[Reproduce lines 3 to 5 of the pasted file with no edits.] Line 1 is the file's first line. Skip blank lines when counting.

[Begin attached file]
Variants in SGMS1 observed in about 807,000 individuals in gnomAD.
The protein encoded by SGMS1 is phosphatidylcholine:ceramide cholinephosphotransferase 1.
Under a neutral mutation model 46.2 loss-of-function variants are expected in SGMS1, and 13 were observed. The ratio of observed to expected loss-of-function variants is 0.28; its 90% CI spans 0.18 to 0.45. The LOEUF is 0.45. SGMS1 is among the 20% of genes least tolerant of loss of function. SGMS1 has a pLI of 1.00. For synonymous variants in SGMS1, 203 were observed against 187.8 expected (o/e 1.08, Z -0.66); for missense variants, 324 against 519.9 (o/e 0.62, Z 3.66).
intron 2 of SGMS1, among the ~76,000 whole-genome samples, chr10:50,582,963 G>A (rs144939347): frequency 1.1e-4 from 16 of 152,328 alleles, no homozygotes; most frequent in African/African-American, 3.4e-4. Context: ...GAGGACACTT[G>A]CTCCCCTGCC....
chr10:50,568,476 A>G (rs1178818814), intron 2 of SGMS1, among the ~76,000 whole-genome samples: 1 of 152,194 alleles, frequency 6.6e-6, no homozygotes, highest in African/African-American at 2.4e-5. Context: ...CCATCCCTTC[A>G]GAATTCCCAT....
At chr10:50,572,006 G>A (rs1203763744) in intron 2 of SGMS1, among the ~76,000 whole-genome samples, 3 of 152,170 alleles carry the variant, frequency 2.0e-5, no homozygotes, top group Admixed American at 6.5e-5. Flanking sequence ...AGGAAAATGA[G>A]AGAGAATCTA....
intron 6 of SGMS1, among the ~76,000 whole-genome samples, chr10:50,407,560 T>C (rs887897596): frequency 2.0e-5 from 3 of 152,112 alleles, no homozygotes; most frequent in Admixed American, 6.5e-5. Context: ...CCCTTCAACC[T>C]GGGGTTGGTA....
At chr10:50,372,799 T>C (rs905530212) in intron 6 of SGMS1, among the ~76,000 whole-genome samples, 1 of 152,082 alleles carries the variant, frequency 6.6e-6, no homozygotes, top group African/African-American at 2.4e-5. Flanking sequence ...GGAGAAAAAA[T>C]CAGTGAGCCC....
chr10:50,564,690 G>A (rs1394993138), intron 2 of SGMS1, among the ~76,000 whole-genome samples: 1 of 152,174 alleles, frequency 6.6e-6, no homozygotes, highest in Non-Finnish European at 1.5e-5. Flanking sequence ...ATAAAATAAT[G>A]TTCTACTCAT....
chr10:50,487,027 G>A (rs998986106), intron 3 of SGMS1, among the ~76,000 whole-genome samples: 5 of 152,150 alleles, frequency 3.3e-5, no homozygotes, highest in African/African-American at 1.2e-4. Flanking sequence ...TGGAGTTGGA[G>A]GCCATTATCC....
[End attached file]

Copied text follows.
Under a neutral mutation model 46.2 loss-of-function variants are expected in SGMS1, and 13 were observed. The ratio of observed to expected loss-of-function variants is 0.28; its 90% CI spans 0.18 to 0.45. The LOEUF is 0.45. SGMS1 is among the 20% of genes least tolerant of loss of function. SGMS1 has a pLI of 1.00. For synonymous variants in SGMS1, 203 were observed against 187.8 expected (o/e 1.08, Z -0.66); for missense variants, 324 against 519.9 (o/e 0.62, Z 3.66).
intron 2 of SGMS1, among the ~76,000 whole-genome samples, chr10:50,582,963 G>A (rs144939347): frequency 1.1e-4 from 16 of 152,328 alleles, no homozygotes; most frequent in African/African-American, 3.4e-4. Context: ...GAGGACACTT[G>A]CTCCCCTGCC....
chr10:50,568,476 A>G (rs1178818814), intron 2 of SGMS1, among the ~76,000 whole-genome samples: 1 of 152,194 alleles, frequency 6.6e-6, no homozygotes, highest in African/African-American at 2.4e-5. Context: ...CCATCCCTTC[A>G]GAATTCCCAT....